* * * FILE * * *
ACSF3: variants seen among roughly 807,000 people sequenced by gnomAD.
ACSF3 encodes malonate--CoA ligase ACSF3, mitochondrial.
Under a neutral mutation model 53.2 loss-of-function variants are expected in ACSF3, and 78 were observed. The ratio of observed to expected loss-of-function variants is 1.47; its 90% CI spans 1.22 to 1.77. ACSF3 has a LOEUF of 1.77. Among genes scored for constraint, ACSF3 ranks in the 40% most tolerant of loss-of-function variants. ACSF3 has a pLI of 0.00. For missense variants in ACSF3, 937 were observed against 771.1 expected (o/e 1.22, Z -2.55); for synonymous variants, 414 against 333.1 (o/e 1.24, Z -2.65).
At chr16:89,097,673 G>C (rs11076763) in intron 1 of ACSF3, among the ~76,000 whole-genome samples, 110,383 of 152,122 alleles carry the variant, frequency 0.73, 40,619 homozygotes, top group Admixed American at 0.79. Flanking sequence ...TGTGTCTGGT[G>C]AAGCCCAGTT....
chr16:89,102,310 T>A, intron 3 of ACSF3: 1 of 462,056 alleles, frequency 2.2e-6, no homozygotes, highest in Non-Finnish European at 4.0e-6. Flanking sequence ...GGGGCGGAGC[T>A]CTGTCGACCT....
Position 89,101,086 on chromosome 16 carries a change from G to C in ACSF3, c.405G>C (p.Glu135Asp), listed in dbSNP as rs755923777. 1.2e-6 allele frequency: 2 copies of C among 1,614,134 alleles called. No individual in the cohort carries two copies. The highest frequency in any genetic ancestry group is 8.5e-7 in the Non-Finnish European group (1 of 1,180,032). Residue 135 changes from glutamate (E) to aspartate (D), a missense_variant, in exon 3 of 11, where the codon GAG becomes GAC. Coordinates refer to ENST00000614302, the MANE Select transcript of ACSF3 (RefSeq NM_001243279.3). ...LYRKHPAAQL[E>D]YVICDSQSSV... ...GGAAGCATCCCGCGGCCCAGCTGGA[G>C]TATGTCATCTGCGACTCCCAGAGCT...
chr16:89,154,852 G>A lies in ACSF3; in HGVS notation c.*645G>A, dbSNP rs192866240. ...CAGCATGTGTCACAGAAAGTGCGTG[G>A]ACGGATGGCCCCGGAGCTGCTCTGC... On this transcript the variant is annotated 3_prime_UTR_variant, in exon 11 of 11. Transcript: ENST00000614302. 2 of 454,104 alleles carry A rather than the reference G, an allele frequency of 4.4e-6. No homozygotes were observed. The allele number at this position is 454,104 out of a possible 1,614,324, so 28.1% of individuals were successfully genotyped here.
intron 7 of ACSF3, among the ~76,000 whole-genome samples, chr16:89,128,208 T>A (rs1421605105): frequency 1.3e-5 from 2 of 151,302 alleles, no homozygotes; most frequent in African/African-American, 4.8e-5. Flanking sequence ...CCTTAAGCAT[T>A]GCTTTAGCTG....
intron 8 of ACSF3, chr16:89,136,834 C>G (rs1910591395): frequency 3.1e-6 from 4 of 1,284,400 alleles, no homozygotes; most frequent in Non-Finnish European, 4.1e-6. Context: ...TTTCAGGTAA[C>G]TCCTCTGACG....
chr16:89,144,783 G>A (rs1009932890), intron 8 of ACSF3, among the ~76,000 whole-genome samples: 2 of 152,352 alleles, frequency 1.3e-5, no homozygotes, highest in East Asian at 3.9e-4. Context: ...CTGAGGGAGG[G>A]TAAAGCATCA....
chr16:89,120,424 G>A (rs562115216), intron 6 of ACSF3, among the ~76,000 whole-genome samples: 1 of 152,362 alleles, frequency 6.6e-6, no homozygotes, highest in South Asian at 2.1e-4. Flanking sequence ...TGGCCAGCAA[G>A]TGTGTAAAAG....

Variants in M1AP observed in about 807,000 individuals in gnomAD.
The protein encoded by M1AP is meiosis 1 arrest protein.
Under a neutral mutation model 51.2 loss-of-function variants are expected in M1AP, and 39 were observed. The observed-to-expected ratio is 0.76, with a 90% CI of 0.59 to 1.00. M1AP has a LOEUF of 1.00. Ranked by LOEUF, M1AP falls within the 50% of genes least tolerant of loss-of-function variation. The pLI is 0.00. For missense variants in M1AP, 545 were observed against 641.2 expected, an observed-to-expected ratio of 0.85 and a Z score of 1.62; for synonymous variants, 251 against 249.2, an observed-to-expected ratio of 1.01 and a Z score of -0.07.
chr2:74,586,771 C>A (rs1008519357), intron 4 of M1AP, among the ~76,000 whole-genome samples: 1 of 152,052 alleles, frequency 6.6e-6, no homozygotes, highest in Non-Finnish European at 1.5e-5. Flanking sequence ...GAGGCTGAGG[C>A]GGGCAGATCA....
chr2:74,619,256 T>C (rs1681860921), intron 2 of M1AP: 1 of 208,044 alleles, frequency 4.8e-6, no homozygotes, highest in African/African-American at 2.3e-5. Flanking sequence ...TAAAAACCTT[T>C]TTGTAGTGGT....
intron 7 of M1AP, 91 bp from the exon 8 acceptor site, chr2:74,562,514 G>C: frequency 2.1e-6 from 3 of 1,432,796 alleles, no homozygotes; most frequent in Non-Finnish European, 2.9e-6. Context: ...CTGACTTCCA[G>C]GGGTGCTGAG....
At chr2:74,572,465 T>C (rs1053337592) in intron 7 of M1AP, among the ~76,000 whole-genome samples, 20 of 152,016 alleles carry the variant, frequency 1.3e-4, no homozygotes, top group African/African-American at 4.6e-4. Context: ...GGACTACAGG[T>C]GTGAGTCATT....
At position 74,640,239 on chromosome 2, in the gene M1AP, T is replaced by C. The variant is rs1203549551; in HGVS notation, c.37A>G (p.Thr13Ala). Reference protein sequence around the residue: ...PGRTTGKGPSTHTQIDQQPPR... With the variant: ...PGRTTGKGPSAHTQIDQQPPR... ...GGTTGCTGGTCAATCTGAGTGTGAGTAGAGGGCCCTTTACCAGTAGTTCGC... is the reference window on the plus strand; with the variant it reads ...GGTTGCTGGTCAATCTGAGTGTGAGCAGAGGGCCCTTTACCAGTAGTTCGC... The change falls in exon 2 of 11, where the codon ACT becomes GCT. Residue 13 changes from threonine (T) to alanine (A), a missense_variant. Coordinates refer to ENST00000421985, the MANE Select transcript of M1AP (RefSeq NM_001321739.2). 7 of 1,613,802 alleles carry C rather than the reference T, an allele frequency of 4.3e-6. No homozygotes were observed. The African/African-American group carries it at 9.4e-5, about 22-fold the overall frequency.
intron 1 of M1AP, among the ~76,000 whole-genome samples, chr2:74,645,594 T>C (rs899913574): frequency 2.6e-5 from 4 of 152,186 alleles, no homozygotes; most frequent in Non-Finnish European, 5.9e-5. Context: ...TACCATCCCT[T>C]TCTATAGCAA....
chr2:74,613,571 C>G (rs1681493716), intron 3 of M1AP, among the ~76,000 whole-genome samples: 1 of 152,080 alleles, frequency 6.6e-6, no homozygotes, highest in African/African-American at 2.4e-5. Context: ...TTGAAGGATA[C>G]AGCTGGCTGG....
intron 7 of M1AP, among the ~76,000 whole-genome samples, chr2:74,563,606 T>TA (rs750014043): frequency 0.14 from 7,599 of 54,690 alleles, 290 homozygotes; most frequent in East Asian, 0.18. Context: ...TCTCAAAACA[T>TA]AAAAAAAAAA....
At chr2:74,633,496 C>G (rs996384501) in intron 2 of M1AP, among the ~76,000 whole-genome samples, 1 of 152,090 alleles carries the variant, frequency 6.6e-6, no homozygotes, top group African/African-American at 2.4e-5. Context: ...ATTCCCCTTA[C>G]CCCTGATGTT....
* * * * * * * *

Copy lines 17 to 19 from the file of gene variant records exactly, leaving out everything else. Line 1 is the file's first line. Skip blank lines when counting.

intron 7 of M1AP, 91 bp from the exon 8 acceptor site, chr2:74,562,514 G>C: frequency 2.1e-6 from 3 of 1,432,796 alleles, no homozygotes; most frequent in Non-Finnish European, 2.9e-6. Context: ...CTGACTTCCA[G>C]GGGTGCTGAG....
At chr2:74,572,465 T>C (rs1053337592) in intron 7 of M1AP, among the ~76,000 whole-genome samples, 20 of 152,016 alleles carry the variant, frequency 1.3e-4, no homozygotes, top group African/African-American at 4.6e-4. Context: ...GGACTACAGG[T>C]GTGAGTCATT....
At position 74,640,239 on chromosome 2, in the gene M1AP, T is replaced by C. The variant is rs1203549551; in HGVS notation, c.37A>G (p.Thr13Ala). Reference protein sequence around the residue: ...PGRTTGKGPSTHTQIDQQPPR... With the variant: ...PGRTTGKGPSAHTQIDQQPPR... ...GGTTGCTGGTCAATCTGAGTGTGAGTAGAGGGCCCTTTACCAGTAGTTCGC... is the reference window on the plus strand; with the variant it reads ...GGTTGCTGGTCAATCTGAGTGTGAGCAGAGGGCCCTTTACCAGTAGTTCGC... The change falls in exon 2 of 11, where the codon ACT becomes GCT. Residue 13 changes from threonine (T) to alanine (A), a missense_variant. Coordinates refer to ENST00000421985, the MANE Select transcript of M1AP (RefSeq NM_001321739.2). 7 of 1,613,802 alleles carry C rather than the reference T, an allele frequency of 4.3e-6. No homozygotes were observed. The African/African-American group carries it at 9.4e-5, about 22-fold the overall frequency.